How EMF’s ‘Unbelievable’ made dance-pop history…
It’s been described as “insanely infectious” – an “undeniably perfect pop single” boasting “intoxicating rhythms” – and there’s little doubt that EMF‘s Unbelievable, released thirty years ago today (3 November 1990), helped light the touchpaper for the vicarious energy of the decade to follow.
Unbelievable was the debut single from the Gloucestershire-based group, and would go on to define both their career, as well as, arguably, the crossover indie scene of the Nineties.
Both Unbelievable and the accompanying album, Schubert Dip, also enabled the group to achieve what countless British rockers had tried, and failed, to do, and conquer the United States.
As frontman Mark Atkin – he of the oversized baseball cap – told FutureMusic a few years back, Unbelievable was written by the band’s guitarist, Ian Dench (who would go on to pen hits for Shakira, Beyoncé and The Prodigy, among others), and was demoed at a band meeting in keyboardist Derry Brownson’s front room.
“It sounded funny cos it had completely different lyrics, and it had all our mates in the background singing. I didn’t really think that much of it at the time,” he said.
The decision to get Ralph Jezzard, who had worked with Bomb The Bass and other Rhythm King acts, onboard as producer of the track was an inspired move, however.
“He’d just done 20 Seconds To Comply with Silver Bullet, which we thought was great,” said Atkin. “[Unbelievable] went to number one in America. It was mental,. It’s still knocking around now. It seems to get used for adverts all the time. It’s nice to get all the syncs. That’s kept us going over the years.
“We used to be choosey about what it could be used for, but as you get older and you have mortgages and kids. We let Coco Pops use it for an advert. I wish we’d made another five records like that! I’m a schoolteacher now – I teach music. If you asked the kids if they’ve heard Unbelievable, they’d say ‘yeah, the Coco Pops advert’.”
The origins of EMF’s name led to some controversy during the group’s formative years – was it really an acronym of ‘Epsom Mad Funkers’ or something more contentious, as urban legend would have it’?
“Everybody thinks it stands for Ecstasy Motherf**ker, but it doesn’t,” Brownson told Music Express in 1991. “We’re just stringing people along. We never do things to shock: we’re just taking the piss.”
However, the group’s storming debut – Unbelievable hit number three in the pop charts at the start of December 1990 – led to the group gracing the covers of much of the mainstream music press, as they set out for world domination.
“I don’t know how to feel about being big in America,” Dench told SPIN magazine in September 1991. “Our manager’s just come back from sorting out the next tour, and she says it’s crazy. Everyone wants us to play their club. Hundreds of offers.”
At the same time, some international audiences, fresh from the experience that led to the downfall of Milli Vanilli, questioned the band’s use of sampling and tape loops in their live performances – somewhat quaint given the level to which sampling is now embedded in popular music.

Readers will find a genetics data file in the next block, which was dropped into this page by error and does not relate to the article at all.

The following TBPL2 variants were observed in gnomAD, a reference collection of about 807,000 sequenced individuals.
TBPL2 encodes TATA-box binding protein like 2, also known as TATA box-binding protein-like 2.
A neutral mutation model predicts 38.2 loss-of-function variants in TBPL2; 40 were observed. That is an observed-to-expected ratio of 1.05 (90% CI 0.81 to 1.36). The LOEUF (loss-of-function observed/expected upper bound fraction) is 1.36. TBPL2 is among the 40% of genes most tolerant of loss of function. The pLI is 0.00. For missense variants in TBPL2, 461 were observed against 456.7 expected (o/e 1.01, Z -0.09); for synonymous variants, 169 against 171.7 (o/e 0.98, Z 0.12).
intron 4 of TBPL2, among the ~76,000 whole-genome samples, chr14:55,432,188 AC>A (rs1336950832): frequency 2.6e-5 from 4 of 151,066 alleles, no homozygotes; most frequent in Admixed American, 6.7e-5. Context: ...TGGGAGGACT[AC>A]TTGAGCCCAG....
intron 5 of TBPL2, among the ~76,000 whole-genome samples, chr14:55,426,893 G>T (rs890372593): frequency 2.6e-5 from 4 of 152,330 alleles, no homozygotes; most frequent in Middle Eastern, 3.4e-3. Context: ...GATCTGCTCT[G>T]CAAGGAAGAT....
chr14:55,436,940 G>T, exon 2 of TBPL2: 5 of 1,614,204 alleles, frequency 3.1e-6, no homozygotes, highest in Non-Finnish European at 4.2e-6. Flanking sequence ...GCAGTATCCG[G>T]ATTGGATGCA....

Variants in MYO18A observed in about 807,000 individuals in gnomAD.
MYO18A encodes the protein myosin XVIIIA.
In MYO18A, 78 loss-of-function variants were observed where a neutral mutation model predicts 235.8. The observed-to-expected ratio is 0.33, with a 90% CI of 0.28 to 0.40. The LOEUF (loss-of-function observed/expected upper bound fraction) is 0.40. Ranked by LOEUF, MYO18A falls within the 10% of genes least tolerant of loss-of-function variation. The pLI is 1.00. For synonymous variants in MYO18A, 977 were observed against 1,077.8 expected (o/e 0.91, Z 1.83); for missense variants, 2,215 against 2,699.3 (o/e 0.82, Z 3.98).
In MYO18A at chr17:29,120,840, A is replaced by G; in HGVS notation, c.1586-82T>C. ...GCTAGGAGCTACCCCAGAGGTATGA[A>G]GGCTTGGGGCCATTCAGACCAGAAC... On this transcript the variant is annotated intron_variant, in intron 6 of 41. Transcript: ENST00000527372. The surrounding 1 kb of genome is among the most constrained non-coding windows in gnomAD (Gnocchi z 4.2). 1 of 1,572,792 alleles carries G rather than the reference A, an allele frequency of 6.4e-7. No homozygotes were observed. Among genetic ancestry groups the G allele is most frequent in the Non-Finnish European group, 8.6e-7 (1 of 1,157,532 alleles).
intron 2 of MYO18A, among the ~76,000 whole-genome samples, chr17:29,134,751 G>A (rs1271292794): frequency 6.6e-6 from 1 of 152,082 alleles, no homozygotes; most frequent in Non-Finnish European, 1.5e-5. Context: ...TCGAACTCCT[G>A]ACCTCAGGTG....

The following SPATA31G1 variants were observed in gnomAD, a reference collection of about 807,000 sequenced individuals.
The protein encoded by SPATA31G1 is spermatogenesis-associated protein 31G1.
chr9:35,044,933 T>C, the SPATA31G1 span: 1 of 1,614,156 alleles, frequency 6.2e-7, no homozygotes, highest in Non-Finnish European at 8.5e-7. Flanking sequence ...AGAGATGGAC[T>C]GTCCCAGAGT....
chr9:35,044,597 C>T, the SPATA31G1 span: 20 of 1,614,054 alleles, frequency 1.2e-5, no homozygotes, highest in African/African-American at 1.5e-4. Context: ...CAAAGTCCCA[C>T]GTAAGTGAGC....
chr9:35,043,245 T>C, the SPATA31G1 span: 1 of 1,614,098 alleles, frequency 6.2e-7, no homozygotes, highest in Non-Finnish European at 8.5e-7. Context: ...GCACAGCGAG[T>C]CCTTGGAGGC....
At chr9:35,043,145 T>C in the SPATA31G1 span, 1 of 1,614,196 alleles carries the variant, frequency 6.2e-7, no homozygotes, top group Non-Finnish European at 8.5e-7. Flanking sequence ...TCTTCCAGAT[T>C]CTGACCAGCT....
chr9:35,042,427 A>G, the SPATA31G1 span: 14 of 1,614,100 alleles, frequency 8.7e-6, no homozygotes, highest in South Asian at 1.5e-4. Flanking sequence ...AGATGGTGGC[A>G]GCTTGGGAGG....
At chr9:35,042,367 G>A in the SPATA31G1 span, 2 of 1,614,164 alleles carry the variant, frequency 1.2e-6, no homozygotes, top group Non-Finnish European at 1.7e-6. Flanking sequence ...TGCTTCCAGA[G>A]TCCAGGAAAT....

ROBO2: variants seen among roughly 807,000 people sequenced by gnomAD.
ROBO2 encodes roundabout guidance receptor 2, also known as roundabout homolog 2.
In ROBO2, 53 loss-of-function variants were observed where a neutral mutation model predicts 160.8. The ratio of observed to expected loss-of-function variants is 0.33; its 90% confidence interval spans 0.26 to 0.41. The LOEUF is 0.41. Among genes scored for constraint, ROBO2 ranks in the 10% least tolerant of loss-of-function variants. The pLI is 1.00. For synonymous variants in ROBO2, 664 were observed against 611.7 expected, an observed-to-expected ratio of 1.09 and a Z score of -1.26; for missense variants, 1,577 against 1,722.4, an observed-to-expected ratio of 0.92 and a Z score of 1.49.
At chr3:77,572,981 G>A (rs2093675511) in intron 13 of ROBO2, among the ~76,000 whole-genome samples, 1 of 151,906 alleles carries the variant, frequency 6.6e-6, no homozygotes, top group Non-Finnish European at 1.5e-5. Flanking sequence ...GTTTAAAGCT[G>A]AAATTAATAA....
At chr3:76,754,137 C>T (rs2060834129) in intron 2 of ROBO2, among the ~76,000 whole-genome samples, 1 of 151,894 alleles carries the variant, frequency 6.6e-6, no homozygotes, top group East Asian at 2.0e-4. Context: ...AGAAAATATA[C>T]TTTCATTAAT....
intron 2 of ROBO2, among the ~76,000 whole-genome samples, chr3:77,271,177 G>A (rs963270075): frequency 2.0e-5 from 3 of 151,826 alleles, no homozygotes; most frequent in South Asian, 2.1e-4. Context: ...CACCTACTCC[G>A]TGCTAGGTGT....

As author David Quantick puts it in the same SPIN article, ‘Derry’s habit of throwing his keyboard on the floor, with no perceptible effect on the live sound, added fuel to the rumours of contrivance’.
“Everyone uses tapes,” was Dench’s reply. “Depeche Mode uses tapes, Pop Will Eat Itself uses tapes, Jesus Jones uses tapes. We use them, but it’s a very small part of the sound. We’re trying to use technology. The drums and the bass and the vocals and the guitar are live, so’s the samples.”
The energetic video, directed by Nathan Richards, was filmed in The Guildhall, Gloucester, in September 1990, with tickets for the shoot labelled with a quote from the NME, describing the band, “Lock yourself firmly into your trousers and go see them before they form a world government”.
The official Gloucester Guildhall website marked the 30th anniversary of the shoot a couple of months back, chatting to some of those that were there on the night.
“EMF didn’t play much more than Unbelievable – over and over again,” recalls one attendee, Steve. “They played it through fully more than a couple of times and then broke it down into sections so the film crew could get the cut-aways and close-ups that they needed.”
Elsewhere, another attendee, Pat, recalls, “See all that glitter fluttering down from the ceiling? It got stuck to the floor when the lake of beer dried out. I was the lone Duty Manager at 7am the next morning, trying to scrape it off before the Craft Fair traders turned up. Fifteen years later there were still a few little metallic squares hanging about behind the radiators. Heady days…”
While Unbelievable has long been held up as a perfect pop song – three minutes and thirty seconds of unadulterated energy – back then, the group were eager not to be labelled in the same bracket as New Kids On The Block or other throwaway acts.
As Dench told SPIN: “It disturbs me how people talk of pop, as if pop is not serious and pop is not genuine. I’ve always been into accessibility. Songs are very important to me, and I don’t understand why that should be any less credible than something that’s underground or manic.”
Or, to put it another way, unbelievable… 🙂
[Images taken from EMF’s official Facebook page]
1 thought on “How EMF’s ‘Unbelievable’ made dance-pop history…”
I seen them play in Sides to about 30 very uninterested people on a Friday night just before this came out!!!